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The Pickup Basketball Game That Led To A Nobel Prize09:57
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Jeffrey C Hall, Michael Rosbash and Michael W Young (L-R) were awarded the Nobel 2017 Nobel Prize in Physiology or Medicine. (Jonathan Nackstrand/AFP/Getty Images)MoreCloseclosemore
Jeffrey C Hall, Michael Rosbash and Michael W Young (L-R) were awarded the Nobel 2017 Nobel Prize in Physiology or Medicine. (Jonathan Nackstrand/AFP/Getty Images)

To understand the friendship between Michael Rosbash and Jeff Hall, it’s best to start with one very famous baseball game in the fall of 1975.

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"You want the short, medium or long version?" asks Rosbash. "Long version, right. It was my first year at Brandeis. Jeff Hall, he started a few months before I did."

"When we first met, I realized almost immediately that we were kind of simpatico," Hall says. "Michael was working on nucleic acids, DNAs and RNAs. And I was working on genetic variants in drosophila."

Drosophila are what you and I might call fruit flies.

"And so our professional interests overlapped," Hall says. "It all comes under the broad heading of genetics."

Hall and Rosbash liked a lot of the same things.

"Pop music, beer drinking, profanity, misbehavior," Hall says. "And we were looked upon askance by the more sophisticated, tweed jacket-wearing professor types."

The other thing that set Hall and Rosbash apart was their love of sports — which brings us to the fall of 1975 and that famous game.

'What Can I Say? We Were Idiots'

Jeff Hall (left) and Michael Rosbash became friends over their shared loves of science, sports and Mel Brooks movies. (Courtesy Michael Rosbash)
Jeff Hall (left) and Michael Rosbash became friends over their shared loves of science, sports and Mel Brooks movies. (Courtesy Michael Rosbash)

The Red Sox started that season as a long shot even to make the playoffs. But come October, they faced the Cincinnati Reds in the World Series.

Michael Rosbash entered the lottery for tickets, and won the right to purchase two seats for Game 6 at Fenway Park. By the time the game came around, the Sox were down three games to two. But still, hopes were high.

"So Jeff and I went down to see the game. It was rained out."

It rained for three days straight. "Finally, they played the game," Rosbash says. "We're in the bleachers."

"God, we were so enthusiastic when the Red Sox went ahead early," Hall says.

But in the fifth inning, the Reds tied it up. Then they went ahead by two in the seventh.

"But I remember, when you're starting to try to get your research going, it's not easy to do. It wasn’t going very well. So we weren't in a very good frame of mind," Hall says. "And now it made it even worse, because, my God, it looks like they're going to lose this game.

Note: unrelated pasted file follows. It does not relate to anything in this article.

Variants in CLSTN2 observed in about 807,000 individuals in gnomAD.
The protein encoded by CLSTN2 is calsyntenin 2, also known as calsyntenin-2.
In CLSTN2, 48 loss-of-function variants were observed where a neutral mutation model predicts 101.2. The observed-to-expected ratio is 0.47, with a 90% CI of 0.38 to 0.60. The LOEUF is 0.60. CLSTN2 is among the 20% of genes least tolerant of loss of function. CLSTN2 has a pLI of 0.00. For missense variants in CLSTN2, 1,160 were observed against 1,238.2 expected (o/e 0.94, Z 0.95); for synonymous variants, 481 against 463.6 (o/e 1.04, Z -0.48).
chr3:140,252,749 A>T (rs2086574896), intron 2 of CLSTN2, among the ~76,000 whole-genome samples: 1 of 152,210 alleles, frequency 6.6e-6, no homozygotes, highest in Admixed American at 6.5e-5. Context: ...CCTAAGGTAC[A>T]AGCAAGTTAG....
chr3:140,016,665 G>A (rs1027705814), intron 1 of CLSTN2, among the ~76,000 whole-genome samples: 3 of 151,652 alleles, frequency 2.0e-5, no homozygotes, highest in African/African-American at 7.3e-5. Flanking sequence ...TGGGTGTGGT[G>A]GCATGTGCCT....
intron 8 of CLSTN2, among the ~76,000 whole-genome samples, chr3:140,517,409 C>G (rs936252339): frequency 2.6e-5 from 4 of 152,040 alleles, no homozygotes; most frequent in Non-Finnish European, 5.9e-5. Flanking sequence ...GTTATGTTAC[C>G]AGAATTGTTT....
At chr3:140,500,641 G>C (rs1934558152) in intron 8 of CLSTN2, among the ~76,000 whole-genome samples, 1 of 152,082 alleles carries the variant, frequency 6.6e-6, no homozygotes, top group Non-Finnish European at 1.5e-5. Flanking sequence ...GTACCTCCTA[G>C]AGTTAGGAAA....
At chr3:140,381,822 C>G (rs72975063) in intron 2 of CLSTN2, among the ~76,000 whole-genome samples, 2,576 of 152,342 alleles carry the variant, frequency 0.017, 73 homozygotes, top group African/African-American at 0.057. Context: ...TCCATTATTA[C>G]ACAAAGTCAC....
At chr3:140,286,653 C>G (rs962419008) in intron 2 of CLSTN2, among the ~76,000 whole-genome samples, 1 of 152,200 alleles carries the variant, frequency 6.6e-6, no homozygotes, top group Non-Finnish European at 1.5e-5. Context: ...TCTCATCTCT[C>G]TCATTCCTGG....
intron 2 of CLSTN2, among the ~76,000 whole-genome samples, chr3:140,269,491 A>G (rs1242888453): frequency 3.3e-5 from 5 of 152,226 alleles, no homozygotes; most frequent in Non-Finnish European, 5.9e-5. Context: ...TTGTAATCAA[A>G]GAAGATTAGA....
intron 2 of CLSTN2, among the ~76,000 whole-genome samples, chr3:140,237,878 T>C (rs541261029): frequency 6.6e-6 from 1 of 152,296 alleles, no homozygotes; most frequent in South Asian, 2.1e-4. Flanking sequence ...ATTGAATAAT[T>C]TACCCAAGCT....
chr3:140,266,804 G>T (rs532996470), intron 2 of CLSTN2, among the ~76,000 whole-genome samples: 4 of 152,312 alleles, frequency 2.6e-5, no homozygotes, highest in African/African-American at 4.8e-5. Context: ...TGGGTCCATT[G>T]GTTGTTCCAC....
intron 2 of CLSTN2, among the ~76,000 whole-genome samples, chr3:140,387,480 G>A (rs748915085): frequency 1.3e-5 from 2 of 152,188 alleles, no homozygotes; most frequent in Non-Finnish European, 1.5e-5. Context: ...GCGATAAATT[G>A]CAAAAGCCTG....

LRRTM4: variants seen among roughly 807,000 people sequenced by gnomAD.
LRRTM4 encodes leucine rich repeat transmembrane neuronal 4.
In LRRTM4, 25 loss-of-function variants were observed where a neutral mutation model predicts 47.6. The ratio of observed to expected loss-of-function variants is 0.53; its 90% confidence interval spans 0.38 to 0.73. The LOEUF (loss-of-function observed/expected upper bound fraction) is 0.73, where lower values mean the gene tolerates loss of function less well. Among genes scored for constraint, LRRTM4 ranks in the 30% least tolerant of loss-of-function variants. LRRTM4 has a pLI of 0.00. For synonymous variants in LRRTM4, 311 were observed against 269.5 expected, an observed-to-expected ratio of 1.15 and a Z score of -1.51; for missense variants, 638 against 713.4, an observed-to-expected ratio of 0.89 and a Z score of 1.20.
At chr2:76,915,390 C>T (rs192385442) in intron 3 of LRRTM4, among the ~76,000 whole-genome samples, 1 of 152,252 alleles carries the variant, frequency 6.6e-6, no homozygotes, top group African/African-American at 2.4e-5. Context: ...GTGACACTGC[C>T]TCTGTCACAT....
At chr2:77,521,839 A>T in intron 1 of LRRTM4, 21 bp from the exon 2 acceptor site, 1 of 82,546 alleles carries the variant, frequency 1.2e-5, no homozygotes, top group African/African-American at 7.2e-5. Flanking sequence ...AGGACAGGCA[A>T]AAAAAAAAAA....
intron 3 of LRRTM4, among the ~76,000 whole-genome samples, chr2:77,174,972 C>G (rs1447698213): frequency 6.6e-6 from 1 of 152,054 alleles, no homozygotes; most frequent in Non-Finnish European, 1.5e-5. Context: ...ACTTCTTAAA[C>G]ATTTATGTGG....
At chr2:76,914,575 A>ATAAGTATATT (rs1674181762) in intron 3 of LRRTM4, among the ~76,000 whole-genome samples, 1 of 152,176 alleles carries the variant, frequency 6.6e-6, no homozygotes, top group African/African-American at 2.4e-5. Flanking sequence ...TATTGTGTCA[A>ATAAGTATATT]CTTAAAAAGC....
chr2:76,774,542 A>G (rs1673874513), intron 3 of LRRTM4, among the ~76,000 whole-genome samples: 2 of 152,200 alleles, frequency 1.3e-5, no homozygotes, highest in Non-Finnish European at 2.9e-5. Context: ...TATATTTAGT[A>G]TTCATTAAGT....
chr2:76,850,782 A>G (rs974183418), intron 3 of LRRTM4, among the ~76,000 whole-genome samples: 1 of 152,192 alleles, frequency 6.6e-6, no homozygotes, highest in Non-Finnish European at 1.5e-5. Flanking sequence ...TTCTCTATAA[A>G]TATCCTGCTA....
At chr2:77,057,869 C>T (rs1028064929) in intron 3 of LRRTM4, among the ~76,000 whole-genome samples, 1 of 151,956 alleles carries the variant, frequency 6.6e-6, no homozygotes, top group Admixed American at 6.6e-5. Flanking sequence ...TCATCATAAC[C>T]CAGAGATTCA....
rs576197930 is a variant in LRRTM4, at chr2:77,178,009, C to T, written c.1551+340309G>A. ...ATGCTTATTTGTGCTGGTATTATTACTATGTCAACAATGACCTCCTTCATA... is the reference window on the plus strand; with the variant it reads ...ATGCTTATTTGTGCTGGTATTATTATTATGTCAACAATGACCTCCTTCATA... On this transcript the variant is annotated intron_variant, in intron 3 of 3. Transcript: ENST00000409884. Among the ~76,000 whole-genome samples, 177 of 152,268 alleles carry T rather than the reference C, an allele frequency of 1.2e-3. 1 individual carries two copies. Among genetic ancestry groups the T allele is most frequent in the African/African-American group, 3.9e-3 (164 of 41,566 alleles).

"And then, finally, I'll never forget, in the top of the eighth inning, this flat, mediocre non-entity for the Cincinnati Reds came to the plate."

His name was Cesar Geronimo. He won the Gold Glove that year, and he was a decent hitter, too.

"And he hit a long line drive near the Pesky pole into the stands to make it 6-3," Hall says. "Michael and I looked at each other and said, 'It's over.' "

"'It'll be too painful to see the Red Sox lose,' " Rosbash remembers. "And so we just couldn't do it. And so we got up and left."

"Just stormed out," Hall says, laughing.

Rosbash and Hall got into their car and drove west, toward the Brandeis campus.

"And as we were driving home, listening to the game on the radio, the game was hanging in the balance, 6-6," Hall says.

Carbo hits a high driveDeep center! Home run!"

Bernie Carbo had  knocked in a three-run homer for the Sox.

"And then we watched on TV at home through the extra innings," Rosbash says.

"And there were all these remarkable extra inning plays," Hall says. "One of the announcers, he was commenting on all the tension and the drama. And he said, 'This crowd has been up and down and up and down...' "

"...they're drained. Nobody, obviously, has left the ballpark!"

"I turned to Jeff and said, 'I beg to differ,' " Rosbash says.

Any true sports fan knows what happened next. In the bottom of the 12th, Carlton Fisk hit a home run off the left field foul pole. Red Sox win. There would be a seventh game of the 1975 World Series.

Carlton Fisk's 12th-inning home run won Game 6 of the 1975 World Series for the Boston Red Sox. But Michael Rosbash and Jeff Hall had already gone home. (Harry Cabluck/AP)
Carlton Fisk's 12th-inning home run won Game 6 of the 1975 World Series for the Boston Red Sox. But Michael Rosbash and Jeff Hall had already gone home. (Harry Cabluck/AP)

"This is perhaps the best World Series game ever. And we had left," Jeff says.

"What can I say? We were idiots," Michael says. "And we spent the whole next week telling everyone what happened to us because this is a scientific commitment to honesty. So we couldn't just say, 'Oh yeah, it was great.' No, we had to say, 'Nah, I got something to tell you.' "

Basketball And Circadian Rhythms 

Seven years would pass before Rosbach's and Hall’s dual loves of science and sports would collide again in a big way. This time it happened on the basketball court.

"Michael has told the story about how the reason we got into research was via pickup basketball games, and that's a bit overstated," Hall says.